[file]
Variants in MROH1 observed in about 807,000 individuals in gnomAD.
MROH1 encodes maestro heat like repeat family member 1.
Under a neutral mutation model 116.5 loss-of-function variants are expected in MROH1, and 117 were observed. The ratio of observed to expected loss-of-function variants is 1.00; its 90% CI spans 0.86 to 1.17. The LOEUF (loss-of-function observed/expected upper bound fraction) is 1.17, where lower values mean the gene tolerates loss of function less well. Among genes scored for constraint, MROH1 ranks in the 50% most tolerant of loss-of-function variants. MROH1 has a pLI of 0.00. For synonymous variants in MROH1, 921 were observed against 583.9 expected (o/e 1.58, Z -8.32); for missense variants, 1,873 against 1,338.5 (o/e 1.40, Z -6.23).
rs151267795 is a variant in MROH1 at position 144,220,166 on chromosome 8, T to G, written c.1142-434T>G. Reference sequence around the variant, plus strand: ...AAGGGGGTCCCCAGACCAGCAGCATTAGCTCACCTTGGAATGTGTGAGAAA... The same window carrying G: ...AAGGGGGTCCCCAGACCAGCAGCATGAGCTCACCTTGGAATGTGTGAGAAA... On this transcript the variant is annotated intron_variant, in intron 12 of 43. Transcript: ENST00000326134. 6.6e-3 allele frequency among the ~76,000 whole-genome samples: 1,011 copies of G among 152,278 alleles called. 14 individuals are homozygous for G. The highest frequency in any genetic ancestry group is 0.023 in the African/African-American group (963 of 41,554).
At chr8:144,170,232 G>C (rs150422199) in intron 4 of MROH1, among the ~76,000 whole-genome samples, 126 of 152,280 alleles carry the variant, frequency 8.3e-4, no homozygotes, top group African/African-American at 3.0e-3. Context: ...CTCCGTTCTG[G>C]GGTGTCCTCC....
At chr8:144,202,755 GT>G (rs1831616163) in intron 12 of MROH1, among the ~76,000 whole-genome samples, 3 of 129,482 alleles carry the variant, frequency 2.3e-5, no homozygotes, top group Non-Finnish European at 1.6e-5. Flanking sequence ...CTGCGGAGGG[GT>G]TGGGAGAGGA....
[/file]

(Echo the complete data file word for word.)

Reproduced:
Variants in MROH1 observed in about 807,000 individuals in gnomAD.
MROH1 encodes maestro heat like repeat family member 1.
Under a neutral mutation model 116.5 loss-of-function variants are expected in MROH1, and 117 were observed. The ratio of observed to expected loss-of-function variants is 1.00; its 90% CI spans 0.86 to 1.17. The LOEUF (loss-of-function observed/expected upper bound fraction) is 1.17, where lower values mean the gene tolerates loss of function less well. Among genes scored for constraint, MROH1 ranks in the 50% most tolerant of loss-of-function variants. MROH1 has a pLI of 0.00. For synonymous variants in MROH1, 921 were observed against 583.9 expected (o/e 1.58, Z -8.32); for missense variants, 1,873 against 1,338.5 (o/e 1.40, Z -6.23).
rs151267795 is a variant in MROH1 at position 144,220,166 on chromosome 8, T to G, written c.1142-434T>G. Reference sequence around the variant, plus strand: ...AAGGGGGTCCCCAGACCAGCAGCATTAGCTCACCTTGGAATGTGTGAGAAA... The same window carrying G: ...AAGGGGGTCCCCAGACCAGCAGCATGAGCTCACCTTGGAATGTGTGAGAAA... On this transcript the variant is annotated intron_variant, in intron 12 of 43. Transcript: ENST00000326134. 6.6e-3 allele frequency among the ~76,000 whole-genome samples: 1,011 copies of G among 152,278 alleles called. 14 individuals are homozygous for G. The highest frequency in any genetic ancestry group is 0.023 in the African/African-American group (963 of 41,554).
At chr8:144,170,232 G>C (rs150422199) in intron 4 of MROH1, among the ~76,000 whole-genome samples, 126 of 152,280 alleles carry the variant, frequency 8.3e-4, no homozygotes, top group African/African-American at 3.0e-3. Context: ...CTCCGTTCTG[G>C]GGTGTCCTCC....
At chr8:144,202,755 GT>G (rs1831616163) in intron 12 of MROH1, among the ~76,000 whole-genome samples, 3 of 129,482 alleles carry the variant, frequency 2.3e-5, no homozygotes, top group Non-Finnish European at 1.6e-5. Flanking sequence ...CTGCGGAGGG[GT>G]TGGGAGAGGA....